DPD Ireland to invest €3.2 million in electrifying fleet

Pictured: Des Travers Chief Executive DPD Ireland, Dwain McDonald Chairman DPD Ireland, Minister for Communications, Climate Action and Environment Richard Bruton,

*Parcel delivery service to create 150 jobs over 12 months

Express Parcel delivery service DPD Ireland is going zero-emission with an investment of €3.2 million to electrify its fleet of vehicle.

This eco-friendly project, termed by the Athlone headquartered company as ‘ElectriCity’, hosted inaugural rollout in Dublin this week, and the project will extend to other urban locations throughout the country over the next three years.

DPD Ireland, which is predicting annual growth of 20 per cent this year, will create 150 new jobs over the next 12 months, bringing total employment to 1,300 within the company. Thirty of these new jobs will be part of ElectriCity and 120 as part of its country-wide services to facilitate this growth.


At the green vehicle launch, the Minister for Communications, Climate Action & Environment Richard Bruton said, “Transitioning to a low carbon economy will require more sustainable choices and leadership from industry. By investing in electrifying their fleet, DPD are putting sustainability at the heart of their business and leading the way. The announcement will not only reduce greenhouse gas emissions and improve air quality, but also puts DPD’s business on a more sustainable footing.”

Company Chief Executive Des Travers stated that DPD will be the first parcel delivery firm to have an electric depot: “Through ElectriCity, fifteenparcel delivery routes in Dublin will become all-electric routes. By the end of this year, as part of our bid to reduce our carbon output, DPD will have saved more than 20 tonnes of CO2 being emitted as a result of moving to an electric fleet,” he said.

DPD is committed to making every parcel delivered carbon neutral, and is doing so by measuring CO2 emissions, striving to reduce them, and by offsetting the remaining ones,” he added.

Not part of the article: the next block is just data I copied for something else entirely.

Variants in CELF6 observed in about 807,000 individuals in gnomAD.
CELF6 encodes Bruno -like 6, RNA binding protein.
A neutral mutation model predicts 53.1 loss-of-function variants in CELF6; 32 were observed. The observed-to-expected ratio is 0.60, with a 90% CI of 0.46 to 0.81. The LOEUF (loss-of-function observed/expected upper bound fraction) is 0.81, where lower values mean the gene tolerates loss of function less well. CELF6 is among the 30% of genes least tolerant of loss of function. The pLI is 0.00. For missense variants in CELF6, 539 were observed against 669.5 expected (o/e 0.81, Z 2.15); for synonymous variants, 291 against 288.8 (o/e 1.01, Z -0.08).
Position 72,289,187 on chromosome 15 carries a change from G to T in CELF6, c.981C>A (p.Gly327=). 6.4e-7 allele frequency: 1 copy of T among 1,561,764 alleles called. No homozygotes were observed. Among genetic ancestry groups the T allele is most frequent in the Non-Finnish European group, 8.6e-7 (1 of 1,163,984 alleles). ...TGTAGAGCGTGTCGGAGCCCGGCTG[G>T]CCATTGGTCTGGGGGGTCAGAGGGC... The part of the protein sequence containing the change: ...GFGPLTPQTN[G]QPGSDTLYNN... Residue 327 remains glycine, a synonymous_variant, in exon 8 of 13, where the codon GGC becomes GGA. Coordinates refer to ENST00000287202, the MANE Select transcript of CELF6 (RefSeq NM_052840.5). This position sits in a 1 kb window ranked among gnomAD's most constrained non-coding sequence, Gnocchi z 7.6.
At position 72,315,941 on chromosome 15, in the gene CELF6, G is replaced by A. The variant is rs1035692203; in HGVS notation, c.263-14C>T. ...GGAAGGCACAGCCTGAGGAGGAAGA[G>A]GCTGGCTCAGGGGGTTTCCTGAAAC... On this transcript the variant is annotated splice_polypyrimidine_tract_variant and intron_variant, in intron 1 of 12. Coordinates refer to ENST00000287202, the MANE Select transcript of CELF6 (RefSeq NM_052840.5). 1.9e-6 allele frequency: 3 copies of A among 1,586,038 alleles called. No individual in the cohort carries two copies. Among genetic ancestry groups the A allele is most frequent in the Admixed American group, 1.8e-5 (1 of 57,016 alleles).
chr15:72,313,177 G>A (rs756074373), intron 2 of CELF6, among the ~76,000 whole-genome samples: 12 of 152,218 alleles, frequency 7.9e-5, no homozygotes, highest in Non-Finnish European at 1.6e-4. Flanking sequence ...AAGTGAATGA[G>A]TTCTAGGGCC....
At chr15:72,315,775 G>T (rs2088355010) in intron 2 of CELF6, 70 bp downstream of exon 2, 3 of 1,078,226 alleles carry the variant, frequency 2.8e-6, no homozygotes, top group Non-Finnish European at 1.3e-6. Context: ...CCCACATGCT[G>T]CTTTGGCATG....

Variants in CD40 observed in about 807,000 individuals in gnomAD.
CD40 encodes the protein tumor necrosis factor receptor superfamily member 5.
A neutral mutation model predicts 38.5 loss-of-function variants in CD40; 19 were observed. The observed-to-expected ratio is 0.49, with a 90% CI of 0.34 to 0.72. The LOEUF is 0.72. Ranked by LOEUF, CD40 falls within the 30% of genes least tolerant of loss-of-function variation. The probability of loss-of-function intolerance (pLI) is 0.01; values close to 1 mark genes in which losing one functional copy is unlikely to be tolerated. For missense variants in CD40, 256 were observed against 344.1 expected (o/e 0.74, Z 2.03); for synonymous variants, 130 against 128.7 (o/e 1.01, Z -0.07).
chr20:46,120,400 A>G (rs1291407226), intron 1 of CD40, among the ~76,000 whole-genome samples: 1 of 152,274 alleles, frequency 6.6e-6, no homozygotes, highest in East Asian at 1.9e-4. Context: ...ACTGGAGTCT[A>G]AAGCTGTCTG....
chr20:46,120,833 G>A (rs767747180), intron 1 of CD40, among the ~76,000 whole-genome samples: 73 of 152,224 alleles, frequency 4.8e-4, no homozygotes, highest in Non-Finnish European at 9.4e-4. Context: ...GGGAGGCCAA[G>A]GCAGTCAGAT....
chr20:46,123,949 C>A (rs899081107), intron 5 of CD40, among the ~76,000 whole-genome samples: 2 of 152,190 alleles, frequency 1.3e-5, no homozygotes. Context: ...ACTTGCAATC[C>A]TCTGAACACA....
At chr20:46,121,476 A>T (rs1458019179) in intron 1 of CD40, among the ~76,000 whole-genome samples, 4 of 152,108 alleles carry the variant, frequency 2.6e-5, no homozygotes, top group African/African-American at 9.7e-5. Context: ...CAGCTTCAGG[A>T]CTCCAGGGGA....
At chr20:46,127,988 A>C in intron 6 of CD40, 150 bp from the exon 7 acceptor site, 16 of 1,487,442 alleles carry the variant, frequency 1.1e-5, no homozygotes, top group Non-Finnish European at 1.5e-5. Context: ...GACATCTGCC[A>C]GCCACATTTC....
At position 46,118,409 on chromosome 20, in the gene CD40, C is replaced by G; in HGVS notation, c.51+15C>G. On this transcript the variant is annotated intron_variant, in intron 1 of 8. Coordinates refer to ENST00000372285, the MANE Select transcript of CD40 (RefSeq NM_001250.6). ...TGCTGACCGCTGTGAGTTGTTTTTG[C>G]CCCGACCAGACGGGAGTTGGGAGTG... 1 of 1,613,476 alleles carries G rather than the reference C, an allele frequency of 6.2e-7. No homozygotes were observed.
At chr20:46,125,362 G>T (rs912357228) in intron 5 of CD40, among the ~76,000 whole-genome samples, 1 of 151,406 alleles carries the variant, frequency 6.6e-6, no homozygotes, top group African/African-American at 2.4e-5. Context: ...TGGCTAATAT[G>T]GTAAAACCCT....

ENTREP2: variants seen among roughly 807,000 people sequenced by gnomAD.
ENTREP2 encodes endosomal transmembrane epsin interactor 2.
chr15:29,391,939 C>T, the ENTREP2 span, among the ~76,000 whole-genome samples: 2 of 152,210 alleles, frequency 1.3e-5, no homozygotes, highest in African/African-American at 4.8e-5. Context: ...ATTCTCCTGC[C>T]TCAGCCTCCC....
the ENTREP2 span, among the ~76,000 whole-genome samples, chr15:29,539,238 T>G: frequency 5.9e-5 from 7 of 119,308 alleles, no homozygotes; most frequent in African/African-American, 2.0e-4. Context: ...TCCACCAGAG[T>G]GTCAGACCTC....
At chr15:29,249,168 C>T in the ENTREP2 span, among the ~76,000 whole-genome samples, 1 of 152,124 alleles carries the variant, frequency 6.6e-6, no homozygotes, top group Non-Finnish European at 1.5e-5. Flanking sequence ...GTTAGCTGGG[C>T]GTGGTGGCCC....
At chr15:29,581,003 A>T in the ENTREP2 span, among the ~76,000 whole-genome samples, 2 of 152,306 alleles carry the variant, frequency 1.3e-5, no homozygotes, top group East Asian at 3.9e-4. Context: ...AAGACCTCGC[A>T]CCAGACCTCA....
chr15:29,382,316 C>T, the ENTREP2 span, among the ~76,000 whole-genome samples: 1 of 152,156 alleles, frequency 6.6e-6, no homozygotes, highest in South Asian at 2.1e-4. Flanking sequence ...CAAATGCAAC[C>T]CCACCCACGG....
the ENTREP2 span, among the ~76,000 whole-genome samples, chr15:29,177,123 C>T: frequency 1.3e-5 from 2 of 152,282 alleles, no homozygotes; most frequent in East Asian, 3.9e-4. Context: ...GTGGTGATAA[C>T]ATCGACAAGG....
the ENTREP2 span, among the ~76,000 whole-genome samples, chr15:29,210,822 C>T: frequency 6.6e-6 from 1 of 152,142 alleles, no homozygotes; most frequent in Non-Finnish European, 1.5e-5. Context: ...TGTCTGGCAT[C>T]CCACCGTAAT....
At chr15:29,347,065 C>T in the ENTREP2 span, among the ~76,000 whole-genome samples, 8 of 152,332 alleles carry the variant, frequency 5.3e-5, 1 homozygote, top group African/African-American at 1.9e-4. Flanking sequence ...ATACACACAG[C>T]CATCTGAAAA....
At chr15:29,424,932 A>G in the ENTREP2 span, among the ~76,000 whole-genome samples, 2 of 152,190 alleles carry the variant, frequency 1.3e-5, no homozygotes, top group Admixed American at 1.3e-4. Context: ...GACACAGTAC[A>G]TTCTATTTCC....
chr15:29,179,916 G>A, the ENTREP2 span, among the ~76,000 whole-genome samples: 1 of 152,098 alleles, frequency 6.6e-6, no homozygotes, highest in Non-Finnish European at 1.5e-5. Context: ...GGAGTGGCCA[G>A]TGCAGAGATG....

The first ten vehicles of the new electric fleet are now on the road.

“Another 15 have been ordered but the problem is supply and getting them into the country. While there is an urgent push to move to electric, from a commercial perspective, it is still difficult to procure appropriate vehicles. It is our intention to have electric vehicles stationed in all of our depots in three years,” he concluded.

The €3.2 million investment will include purchasing the electric vehicles, hiring personnel, employee training, acquiring the depots, and their refurbishment.

DPD operates 34 depots throughout Ireland with its central sortation hub in Athlone. The company, which recorded a turnover of €91.5 million last year expects to deliver 24 million parcels to its customers in 2019.

Mr Travers cited that new business and also growth within the company’s existing customer base as the reason for the increase in deliveries this year.

The company currently employs 1150 people and routed more than 20 million parcels to its delivery destinations last year. 


Produced in Norway
Range: 100km
Max Speed: 45km
Charging time: 8 hours
Capacity: 0.5m3
Cost approx.€20K

Produced in France
Range: 135km
Max Speed: 50km
Charging time: 6 hours
Capacity: 3m3
Cost approx. €30K

Produced in China
Range 200km
Max speed: 100km
Charging time: 2 hours
Capacity: 10.2m3
Cost approx. €65K

The Goupils were purchased from Irish Grass Machinery, 39 Rosemount Business Pk, Ballycoolin, Dublin D11 RW61.The LDVs were supplied by Harris Commercial Vehicles, Naas Road, Dublin 12. The Paxsters were sourced directly from Norway.